PinShare4TweetShare4 SharesI knew that my trip was off to a roaring start when my Thai Airways plane en route to Tehran announced that alcohol is to be served less than an hour into the flight. I have sworn off alcohol due to my fear of hangovers but decided to join in on the fun. Alcohol is strictly prohibited in Iran; who knows when I will have it next. Later in the trip, I had dinner in a restaurant along Valiasr in Tehran’s downtown district which listed mojitos (peach and mint) on the menu. My enthusiasm was doused when I was informed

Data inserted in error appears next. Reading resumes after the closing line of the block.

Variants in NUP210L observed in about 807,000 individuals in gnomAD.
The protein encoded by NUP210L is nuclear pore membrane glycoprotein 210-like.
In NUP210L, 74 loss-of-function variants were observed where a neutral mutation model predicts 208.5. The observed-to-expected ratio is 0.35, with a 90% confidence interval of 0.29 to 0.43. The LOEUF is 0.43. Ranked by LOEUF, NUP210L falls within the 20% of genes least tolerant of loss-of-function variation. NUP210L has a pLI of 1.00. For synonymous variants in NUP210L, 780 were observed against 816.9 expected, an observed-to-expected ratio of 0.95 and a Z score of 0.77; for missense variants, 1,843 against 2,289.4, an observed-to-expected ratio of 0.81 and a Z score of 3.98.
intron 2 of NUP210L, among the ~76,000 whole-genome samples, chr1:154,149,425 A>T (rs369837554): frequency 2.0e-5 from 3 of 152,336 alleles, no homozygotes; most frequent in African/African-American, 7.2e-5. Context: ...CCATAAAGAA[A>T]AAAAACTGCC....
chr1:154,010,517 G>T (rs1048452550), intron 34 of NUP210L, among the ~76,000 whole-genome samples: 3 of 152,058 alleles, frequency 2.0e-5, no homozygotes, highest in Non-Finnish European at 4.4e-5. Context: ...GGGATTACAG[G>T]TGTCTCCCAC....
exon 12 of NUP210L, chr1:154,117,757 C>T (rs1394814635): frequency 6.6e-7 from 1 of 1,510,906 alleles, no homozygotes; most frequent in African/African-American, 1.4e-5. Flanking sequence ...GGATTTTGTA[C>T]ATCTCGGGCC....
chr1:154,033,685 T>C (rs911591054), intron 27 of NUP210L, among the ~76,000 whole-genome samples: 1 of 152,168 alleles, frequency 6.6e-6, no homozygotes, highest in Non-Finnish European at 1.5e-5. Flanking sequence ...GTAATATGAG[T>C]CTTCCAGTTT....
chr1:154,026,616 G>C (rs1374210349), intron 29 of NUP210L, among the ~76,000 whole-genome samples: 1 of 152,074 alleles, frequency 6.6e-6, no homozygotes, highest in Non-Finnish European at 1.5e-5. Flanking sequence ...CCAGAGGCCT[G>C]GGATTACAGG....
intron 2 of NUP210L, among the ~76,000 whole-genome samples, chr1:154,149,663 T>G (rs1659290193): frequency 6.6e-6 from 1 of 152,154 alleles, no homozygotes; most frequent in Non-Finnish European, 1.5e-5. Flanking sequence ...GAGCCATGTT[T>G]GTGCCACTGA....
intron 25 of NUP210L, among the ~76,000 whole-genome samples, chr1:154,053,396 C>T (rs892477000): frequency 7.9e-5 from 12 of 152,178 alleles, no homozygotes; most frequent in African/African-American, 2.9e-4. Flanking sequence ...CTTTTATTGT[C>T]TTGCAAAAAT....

PinShare3TweetShare3 SharesThis post was originally published in my old travel blog, Erudite Traveller in 2017. “It’s Ashura,” my guide said, surprised and confused when I asked why there were so many people on Tehran’s streets close to midnight. She probably assumed that I knew that I will be in her country during a religious holiday. I didn’t. I wasn’t prepared to travel in Iran on Ashura. Ashura, or the tenth day of the Muharram (the first month in the Islamic calendar), is considered one of the most important religious holidays for Shia Muslims. Iran is a Shia-majority country. Not knowing
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